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Date: Wed, 21 Dec 2016 18:07:56 -0800
From: Andy Lutomirski <>
To: George Spelvin <>
Cc: "Ted Ts'o" <>, Andi Kleen <>, 
	"David S. Miller" <>, David Laight <>, 
	"D. J. Bernstein" <>, Eric Biggers <>, 
	Eric Dumazet <>, Hannes Frederic Sowa <>, 
	"Jason A. Donenfeld" <>, Jean-Philippe Aumasson <>, 
	"" <>, 
	Linux Crypto Mailing List <>, 
	"" <>, Network Development <>, 
	Tom Herbert <>, Linus Torvalds <>, 
	Vegard Nossum <>
Subject: George's crazy full state idea (Re: HalfSipHash Acceptable Usage)

On Wed, Dec 21, 2016 at 5:13 PM, George Spelvin
<> wrote:
> As a separate message, to disentangle the threads, I'd like to
> talk about get_random_long().
> After some thinking, I still like the "state-preserving" construct
> that's equivalent to the current MD5 code.  Yes, we could just do
> siphash(current_cpu || per_cpu_counter, global_key), but it's nice to
> preserve a bit more.
> It requires library support from the SipHash code to return the full
> SipHash state, but I hope that's a fair thing to ask for.

I don't even think it needs that.  This is just adding a
non-destructive final operation, right?

> Here's my current straw man design for comment.  It's very similar to
> the current MD5-based design, but feeds all the seed material in the
> "correct" way, as opposed to Xring directly into the MD5 state.
> * Each CPU has a (Half)SipHash state vector,
>   "unsigned long get_random_int_hash[4]".  Unlike the current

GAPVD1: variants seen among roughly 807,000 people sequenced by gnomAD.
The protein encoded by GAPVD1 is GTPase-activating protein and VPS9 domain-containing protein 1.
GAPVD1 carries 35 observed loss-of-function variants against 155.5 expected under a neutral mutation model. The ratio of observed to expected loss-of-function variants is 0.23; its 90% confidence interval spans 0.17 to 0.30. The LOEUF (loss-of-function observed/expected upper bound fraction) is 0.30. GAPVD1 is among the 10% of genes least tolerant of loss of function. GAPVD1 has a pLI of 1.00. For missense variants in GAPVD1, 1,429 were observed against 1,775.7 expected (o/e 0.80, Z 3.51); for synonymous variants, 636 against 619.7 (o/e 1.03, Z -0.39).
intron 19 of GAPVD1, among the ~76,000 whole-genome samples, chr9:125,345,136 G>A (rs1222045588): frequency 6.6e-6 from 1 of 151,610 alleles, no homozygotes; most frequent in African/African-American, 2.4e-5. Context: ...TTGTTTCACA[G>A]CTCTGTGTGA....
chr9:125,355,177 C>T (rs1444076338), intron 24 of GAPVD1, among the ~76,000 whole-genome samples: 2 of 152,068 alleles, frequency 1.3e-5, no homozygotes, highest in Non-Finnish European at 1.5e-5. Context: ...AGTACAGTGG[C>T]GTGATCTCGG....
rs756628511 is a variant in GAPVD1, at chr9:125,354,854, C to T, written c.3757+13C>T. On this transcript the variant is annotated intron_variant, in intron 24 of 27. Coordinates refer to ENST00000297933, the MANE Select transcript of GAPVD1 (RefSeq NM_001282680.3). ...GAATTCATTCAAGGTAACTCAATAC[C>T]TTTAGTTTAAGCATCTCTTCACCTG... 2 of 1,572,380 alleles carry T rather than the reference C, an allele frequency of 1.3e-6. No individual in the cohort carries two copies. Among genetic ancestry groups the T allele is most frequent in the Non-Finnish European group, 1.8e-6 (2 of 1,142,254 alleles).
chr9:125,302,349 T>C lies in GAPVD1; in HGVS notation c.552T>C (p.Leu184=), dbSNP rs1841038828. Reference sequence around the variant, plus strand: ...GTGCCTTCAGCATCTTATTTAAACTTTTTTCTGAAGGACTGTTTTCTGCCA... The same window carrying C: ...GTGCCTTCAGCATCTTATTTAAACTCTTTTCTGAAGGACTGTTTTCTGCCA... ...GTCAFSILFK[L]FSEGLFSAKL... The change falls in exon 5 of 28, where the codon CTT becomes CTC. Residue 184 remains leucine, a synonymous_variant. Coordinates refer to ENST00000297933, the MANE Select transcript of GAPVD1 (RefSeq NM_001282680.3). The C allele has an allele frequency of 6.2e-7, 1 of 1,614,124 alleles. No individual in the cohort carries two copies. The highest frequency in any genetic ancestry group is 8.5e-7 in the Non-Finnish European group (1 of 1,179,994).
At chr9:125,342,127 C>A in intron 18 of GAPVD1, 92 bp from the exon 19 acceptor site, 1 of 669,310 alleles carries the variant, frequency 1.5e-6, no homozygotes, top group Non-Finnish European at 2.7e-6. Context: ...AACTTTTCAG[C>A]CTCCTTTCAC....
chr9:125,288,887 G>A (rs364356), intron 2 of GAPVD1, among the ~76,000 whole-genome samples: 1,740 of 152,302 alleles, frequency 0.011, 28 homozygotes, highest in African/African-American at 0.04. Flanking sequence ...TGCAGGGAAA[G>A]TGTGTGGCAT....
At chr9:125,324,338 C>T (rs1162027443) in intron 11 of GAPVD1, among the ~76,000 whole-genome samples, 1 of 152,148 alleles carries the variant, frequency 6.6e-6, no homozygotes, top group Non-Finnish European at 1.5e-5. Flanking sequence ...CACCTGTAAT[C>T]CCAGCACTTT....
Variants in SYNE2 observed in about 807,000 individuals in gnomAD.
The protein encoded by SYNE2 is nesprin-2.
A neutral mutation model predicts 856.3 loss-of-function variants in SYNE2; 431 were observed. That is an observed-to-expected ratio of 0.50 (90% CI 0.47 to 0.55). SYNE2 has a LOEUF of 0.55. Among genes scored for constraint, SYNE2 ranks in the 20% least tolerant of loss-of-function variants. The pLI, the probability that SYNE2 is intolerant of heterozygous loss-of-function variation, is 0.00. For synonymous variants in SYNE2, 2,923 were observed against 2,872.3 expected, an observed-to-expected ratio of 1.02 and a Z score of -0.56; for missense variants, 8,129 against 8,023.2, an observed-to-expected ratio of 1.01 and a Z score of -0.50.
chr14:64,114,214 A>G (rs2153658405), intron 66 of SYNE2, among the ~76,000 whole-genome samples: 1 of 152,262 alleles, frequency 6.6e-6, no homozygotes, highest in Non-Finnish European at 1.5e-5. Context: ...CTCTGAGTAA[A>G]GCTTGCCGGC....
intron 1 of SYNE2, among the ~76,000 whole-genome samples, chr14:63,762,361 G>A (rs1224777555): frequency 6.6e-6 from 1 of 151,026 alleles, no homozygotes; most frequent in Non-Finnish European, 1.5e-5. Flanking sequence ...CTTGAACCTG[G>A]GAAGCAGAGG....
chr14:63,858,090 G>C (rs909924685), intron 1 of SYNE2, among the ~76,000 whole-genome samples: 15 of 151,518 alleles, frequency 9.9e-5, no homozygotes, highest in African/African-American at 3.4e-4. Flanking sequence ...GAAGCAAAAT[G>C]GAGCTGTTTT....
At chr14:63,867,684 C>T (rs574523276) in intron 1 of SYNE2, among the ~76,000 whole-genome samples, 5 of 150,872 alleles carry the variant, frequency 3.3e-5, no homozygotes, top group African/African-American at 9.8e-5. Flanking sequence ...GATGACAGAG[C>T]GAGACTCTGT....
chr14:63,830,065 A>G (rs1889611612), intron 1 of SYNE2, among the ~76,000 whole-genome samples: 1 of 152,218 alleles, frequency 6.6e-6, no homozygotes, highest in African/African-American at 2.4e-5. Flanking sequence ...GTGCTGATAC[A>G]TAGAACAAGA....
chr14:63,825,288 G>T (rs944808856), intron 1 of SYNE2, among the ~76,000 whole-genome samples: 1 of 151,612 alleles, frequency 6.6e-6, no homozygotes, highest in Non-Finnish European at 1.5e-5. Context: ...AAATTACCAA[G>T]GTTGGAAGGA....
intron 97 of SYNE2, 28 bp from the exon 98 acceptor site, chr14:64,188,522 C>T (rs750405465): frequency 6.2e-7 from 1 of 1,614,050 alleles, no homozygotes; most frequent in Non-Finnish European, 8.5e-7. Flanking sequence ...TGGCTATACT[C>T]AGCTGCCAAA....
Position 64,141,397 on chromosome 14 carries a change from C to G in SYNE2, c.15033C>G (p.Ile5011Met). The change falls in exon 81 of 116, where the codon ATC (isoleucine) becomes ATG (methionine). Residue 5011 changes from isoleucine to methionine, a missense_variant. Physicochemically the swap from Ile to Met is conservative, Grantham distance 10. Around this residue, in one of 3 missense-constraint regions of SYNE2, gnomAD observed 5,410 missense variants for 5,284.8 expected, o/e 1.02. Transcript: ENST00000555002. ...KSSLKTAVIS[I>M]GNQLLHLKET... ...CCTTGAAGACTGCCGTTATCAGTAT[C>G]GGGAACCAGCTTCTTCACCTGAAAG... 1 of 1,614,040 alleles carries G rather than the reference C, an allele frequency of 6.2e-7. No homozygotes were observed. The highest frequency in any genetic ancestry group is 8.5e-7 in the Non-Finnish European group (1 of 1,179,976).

>   MD5 code, we take care to initialize it to an asymmetric state.
> * There's a global 256-bit random_int_secret (which we could
>   reseed periodically).
> To generate a random number:
> * If get_random_int_hash is all-zero, seed it with fresh a half-sized
>   SipHash key and the appropriate XOR constants.
> * Generate three words of random_get_entropy(), jiffies, and current->pid.
>   (This is arbitary seed material, copied from the current code.)
> * Crank through that with (Half)SipHash-1-0.
> * Crank through the random_int_secret with (Half)SipHash-1-0.
> * Return v1 ^ v3.

Just to clarify, if we replace SipHash with a black box, I think this
effectively means, where "entropy" is random_get_entropy() || jiffies
|| current->pid:

The first call returns H(random seed || entropy_0 || secret).  The
second call returns H(random seed || entropy_0 || secret || entropy_1
|| secret).  Etc.

If not, then I have a fairly strong preference to keep whatever
construction we come up with consistent with something that could
actually happen with invocations of unmodified SipHash -- then all the
security analysis on SipHash goes through.

Anyway, I have mixed thoughts about the construction.  It manages to
have a wide state at essentially no cost, which buys us quite a bit of
work factor to break it.  Even with full knowledge of the state, an
output doesn't reveal the entropy except to the extent that it can be
brute-force (this is just whatever the appropriate extended version of
first preimage resistance gives us).  The one thing I don't like is
that I don't see how to prove that you can't run it backwards if you
manage to acquire a memory dump.  In fact, I that that there exist, at
least in theory, hash functions that are secure in the random oracle
model but that *can* be run backwards given the full state.  From
memory, SHA-3 has exactly that property, and it would be a bit sad for
a CSPRNG to be reversible.

We could also periodically mix in a big (128-bit?) chunk of fresh
urandom output to keep the bad guys guessing.

(P.S.  This kind of resembles the duplex sponge construction.  If
hardware SHA-3 ever shows up, a duplex sponge RNG might nice indeed.)

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